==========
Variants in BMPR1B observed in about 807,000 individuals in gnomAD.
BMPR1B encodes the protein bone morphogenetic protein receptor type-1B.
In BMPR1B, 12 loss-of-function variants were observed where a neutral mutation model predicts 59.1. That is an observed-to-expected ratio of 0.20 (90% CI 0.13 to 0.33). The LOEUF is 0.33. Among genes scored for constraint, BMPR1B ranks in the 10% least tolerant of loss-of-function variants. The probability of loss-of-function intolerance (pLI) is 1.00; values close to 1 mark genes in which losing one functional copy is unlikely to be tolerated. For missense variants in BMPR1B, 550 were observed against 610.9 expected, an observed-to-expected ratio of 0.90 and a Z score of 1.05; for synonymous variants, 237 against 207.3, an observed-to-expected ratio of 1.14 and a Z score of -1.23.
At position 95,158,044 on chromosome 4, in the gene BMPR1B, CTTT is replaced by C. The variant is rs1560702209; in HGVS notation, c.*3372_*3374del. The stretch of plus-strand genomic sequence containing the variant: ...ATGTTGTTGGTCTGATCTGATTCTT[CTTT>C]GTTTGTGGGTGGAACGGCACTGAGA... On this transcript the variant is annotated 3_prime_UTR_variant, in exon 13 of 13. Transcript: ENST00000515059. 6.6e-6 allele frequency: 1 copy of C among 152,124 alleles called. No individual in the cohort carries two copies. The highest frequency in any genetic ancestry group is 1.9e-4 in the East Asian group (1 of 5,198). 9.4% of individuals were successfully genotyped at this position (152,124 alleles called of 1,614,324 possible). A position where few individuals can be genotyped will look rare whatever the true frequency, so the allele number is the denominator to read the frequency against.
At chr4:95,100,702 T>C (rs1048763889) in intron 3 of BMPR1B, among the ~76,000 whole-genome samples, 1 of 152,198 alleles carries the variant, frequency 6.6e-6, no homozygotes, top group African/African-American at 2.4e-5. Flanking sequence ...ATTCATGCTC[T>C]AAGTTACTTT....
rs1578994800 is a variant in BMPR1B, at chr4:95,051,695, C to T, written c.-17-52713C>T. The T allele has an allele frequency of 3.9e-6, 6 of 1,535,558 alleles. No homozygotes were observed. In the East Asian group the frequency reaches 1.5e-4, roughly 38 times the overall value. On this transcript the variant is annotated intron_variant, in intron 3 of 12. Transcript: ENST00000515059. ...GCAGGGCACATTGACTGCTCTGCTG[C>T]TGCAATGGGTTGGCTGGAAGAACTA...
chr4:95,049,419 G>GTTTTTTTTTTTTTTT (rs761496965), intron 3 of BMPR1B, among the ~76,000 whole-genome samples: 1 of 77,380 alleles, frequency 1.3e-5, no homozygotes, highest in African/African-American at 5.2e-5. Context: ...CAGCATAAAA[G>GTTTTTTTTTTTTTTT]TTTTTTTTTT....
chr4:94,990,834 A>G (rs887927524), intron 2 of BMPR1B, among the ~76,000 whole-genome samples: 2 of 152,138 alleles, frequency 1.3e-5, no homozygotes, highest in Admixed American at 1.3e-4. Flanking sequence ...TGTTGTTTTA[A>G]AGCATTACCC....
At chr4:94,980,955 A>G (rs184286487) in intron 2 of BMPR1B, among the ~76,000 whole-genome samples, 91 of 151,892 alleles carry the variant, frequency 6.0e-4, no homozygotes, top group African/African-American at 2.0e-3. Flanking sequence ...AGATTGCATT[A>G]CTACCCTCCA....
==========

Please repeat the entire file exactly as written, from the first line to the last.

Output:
Variants in BMPR1B observed in about 807,000 individuals in gnomAD.
BMPR1B encodes the protein bone morphogenetic protein receptor type-1B.
In BMPR1B, 12 loss-of-function variants were observed where a neutral mutation model predicts 59.1. That is an observed-to-expected ratio of 0.20 (90% CI 0.13 to 0.33). The LOEUF is 0.33. Among genes scored for constraint, BMPR1B ranks in the 10% least tolerant of loss-of-function variants. The probability of loss-of-function intolerance (pLI) is 1.00; values close to 1 mark genes in which losing one functional copy is unlikely to be tolerated. For missense variants in BMPR1B, 550 were observed against 610.9 expected, an observed-to-expected ratio of 0.90 and a Z score of 1.05; for synonymous variants, 237 against 207.3, an observed-to-expected ratio of 1.14 and a Z score of -1.23.
At position 95,158,044 on chromosome 4, in the gene BMPR1B, CTTT is replaced by C. The variant is rs1560702209; in HGVS notation, c.*3372_*3374del. The stretch of plus-strand genomic sequence containing the variant: ...ATGTTGTTGGTCTGATCTGATTCTT[CTTT>C]GTTTGTGGGTGGAACGGCACTGAGA... On this transcript the variant is annotated 3_prime_UTR_variant, in exon 13 of 13. Transcript: ENST00000515059. 6.6e-6 allele frequency: 1 copy of C among 152,124 alleles called. No individual in the cohort carries two copies. The highest frequency in any genetic ancestry group is 1.9e-4 in the East Asian group (1 of 5,198). 9.4% of individuals were successfully genotyped at this position (152,124 alleles called of 1,614,324 possible). A position where few individuals can be genotyped will look rare whatever the true frequency, so the allele number is the denominator to read the frequency against.
At chr4:95,100,702 T>C (rs1048763889) in intron 3 of BMPR1B, among the ~76,000 whole-genome samples, 1 of 152,198 alleles carries the variant, frequency 6.6e-6, no homozygotes, top group African/African-American at 2.4e-5. Flanking sequence ...ATTCATGCTC[T>C]AAGTTACTTT....
rs1578994800 is a variant in BMPR1B, at chr4:95,051,695, C to T, written c.-17-52713C>T. The T allele has an allele frequency of 3.9e-6, 6 of 1,535,558 alleles. No homozygotes were observed. In the East Asian group the frequency reaches 1.5e-4, roughly 38 times the overall value. On this transcript the variant is annotated intron_variant, in intron 3 of 12. Transcript: ENST00000515059. ...GCAGGGCACATTGACTGCTCTGCTG[C>T]TGCAATGGGTTGGCTGGAAGAACTA...
chr4:95,049,419 G>GTTTTTTTTTTTTTTT (rs761496965), intron 3 of BMPR1B, among the ~76,000 whole-genome samples: 1 of 77,380 alleles, frequency 1.3e-5, no homozygotes, highest in African/African-American at 5.2e-5. Context: ...CAGCATAAAA[G>GTTTTTTTTTTTTTTT]TTTTTTTTTT....
chr4:94,990,834 A>G (rs887927524), intron 2 of BMPR1B, among the ~76,000 whole-genome samples: 2 of 152,138 alleles, frequency 1.3e-5, no homozygotes, highest in Admixed American at 1.3e-4. Flanking sequence ...TGTTGTTTTA[A>G]AGCATTACCC....
At chr4:94,980,955 A>G (rs184286487) in intron 2 of BMPR1B, among the ~76,000 whole-genome samples, 91 of 151,892 alleles carry the variant, frequency 6.0e-4, no homozygotes, top group African/African-American at 2.0e-3. Flanking sequence ...AGATTGCATT[A>G]CTACCCTCCA....